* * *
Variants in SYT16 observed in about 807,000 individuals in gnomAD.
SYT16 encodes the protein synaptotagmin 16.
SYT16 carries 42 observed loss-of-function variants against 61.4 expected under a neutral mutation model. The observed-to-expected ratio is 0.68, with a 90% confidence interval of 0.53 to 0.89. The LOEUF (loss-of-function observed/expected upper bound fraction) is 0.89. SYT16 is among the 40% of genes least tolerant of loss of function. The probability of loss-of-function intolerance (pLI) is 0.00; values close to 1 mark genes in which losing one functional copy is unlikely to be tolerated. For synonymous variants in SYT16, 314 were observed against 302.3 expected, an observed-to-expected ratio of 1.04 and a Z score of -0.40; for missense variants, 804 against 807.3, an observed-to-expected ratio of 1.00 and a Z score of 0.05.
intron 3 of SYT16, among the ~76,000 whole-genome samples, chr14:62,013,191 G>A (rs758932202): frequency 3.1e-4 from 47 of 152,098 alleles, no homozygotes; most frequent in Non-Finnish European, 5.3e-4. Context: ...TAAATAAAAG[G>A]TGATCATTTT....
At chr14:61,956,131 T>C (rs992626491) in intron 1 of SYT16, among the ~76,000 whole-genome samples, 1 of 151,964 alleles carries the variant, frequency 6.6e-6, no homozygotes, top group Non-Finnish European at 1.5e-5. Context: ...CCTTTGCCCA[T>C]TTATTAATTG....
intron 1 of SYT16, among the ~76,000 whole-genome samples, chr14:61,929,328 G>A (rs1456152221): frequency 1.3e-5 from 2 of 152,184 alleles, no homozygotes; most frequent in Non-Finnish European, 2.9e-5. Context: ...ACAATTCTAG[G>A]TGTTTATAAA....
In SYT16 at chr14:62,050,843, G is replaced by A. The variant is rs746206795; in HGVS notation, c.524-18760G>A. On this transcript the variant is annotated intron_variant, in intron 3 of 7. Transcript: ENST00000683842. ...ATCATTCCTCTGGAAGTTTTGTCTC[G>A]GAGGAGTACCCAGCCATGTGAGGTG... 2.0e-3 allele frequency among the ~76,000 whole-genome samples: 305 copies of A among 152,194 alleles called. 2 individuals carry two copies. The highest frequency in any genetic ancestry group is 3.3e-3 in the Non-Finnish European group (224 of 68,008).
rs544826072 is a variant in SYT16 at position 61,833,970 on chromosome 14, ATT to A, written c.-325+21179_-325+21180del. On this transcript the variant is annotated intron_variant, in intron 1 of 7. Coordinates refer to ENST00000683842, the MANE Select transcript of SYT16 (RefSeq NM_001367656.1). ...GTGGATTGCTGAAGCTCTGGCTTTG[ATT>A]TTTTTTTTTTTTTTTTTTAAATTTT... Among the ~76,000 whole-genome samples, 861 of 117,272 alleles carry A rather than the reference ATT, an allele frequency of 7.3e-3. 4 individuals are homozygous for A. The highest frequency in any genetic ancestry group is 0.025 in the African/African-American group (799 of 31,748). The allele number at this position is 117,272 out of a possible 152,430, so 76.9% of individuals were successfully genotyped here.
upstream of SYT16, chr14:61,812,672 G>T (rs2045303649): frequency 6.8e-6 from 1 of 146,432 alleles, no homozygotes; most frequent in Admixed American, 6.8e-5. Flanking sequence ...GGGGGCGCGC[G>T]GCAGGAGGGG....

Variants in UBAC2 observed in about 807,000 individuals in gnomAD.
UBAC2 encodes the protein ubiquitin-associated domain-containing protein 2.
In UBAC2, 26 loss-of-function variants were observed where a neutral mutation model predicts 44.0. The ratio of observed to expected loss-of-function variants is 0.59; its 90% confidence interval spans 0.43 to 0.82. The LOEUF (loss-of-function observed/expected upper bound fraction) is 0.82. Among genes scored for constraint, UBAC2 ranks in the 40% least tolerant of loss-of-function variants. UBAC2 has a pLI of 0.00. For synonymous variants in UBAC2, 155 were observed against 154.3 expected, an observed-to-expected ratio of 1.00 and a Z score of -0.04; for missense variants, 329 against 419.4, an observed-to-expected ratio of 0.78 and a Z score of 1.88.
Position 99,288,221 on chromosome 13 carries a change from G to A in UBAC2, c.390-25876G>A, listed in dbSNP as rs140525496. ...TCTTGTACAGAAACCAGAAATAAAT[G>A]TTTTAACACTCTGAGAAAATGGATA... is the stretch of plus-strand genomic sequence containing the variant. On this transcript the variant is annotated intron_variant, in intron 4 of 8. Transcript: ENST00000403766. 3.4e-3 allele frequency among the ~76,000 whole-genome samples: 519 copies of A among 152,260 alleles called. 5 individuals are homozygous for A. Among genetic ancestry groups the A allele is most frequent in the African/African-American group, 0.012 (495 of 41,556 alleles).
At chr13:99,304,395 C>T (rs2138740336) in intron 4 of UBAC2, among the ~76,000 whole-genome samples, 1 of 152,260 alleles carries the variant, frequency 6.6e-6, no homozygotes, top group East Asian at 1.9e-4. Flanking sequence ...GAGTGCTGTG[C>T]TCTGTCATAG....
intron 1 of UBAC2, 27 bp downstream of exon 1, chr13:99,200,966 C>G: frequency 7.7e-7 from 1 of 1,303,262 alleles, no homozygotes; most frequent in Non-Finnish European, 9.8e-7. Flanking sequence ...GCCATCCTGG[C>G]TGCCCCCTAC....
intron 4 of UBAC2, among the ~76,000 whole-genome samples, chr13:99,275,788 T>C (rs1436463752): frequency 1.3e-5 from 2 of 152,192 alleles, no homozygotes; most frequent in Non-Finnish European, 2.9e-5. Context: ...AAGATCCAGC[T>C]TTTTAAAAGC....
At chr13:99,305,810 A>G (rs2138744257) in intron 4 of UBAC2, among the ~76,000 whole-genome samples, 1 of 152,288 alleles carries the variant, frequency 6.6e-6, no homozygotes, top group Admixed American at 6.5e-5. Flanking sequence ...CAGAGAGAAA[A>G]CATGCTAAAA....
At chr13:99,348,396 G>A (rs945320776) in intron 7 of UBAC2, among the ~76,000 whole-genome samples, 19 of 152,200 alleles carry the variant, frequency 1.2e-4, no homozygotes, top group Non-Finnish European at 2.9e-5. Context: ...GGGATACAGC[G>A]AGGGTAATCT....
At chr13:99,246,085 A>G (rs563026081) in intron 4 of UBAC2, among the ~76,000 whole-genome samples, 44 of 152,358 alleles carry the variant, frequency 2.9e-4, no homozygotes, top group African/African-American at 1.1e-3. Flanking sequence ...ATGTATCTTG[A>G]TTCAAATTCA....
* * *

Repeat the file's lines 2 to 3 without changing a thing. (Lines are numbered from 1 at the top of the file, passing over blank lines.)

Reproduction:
SYT16 encodes the protein synaptotagmin 16.
SYT16 carries 42 observed loss-of-function variants against 61.4 expected under a neutral mutation model. The observed-to-expected ratio is 0.68, with a 90% confidence interval of 0.53 to 0.89. The LOEUF (loss-of-function observed/expected upper bound fraction) is 0.89. SYT16 is among the 40% of genes least tolerant of loss of function. The probability of loss-of-function intolerance (pLI) is 0.00; values close to 1 mark genes in which losing one functional copy is unlikely to be tolerated. For synonymous variants in SYT16, 314 were observed against 302.3 expected, an observed-to-expected ratio of 1.04 and a Z score of -0.40; for missense variants, 804 against 807.3, an observed-to-expected ratio of 1.00 and a Z score of 0.05.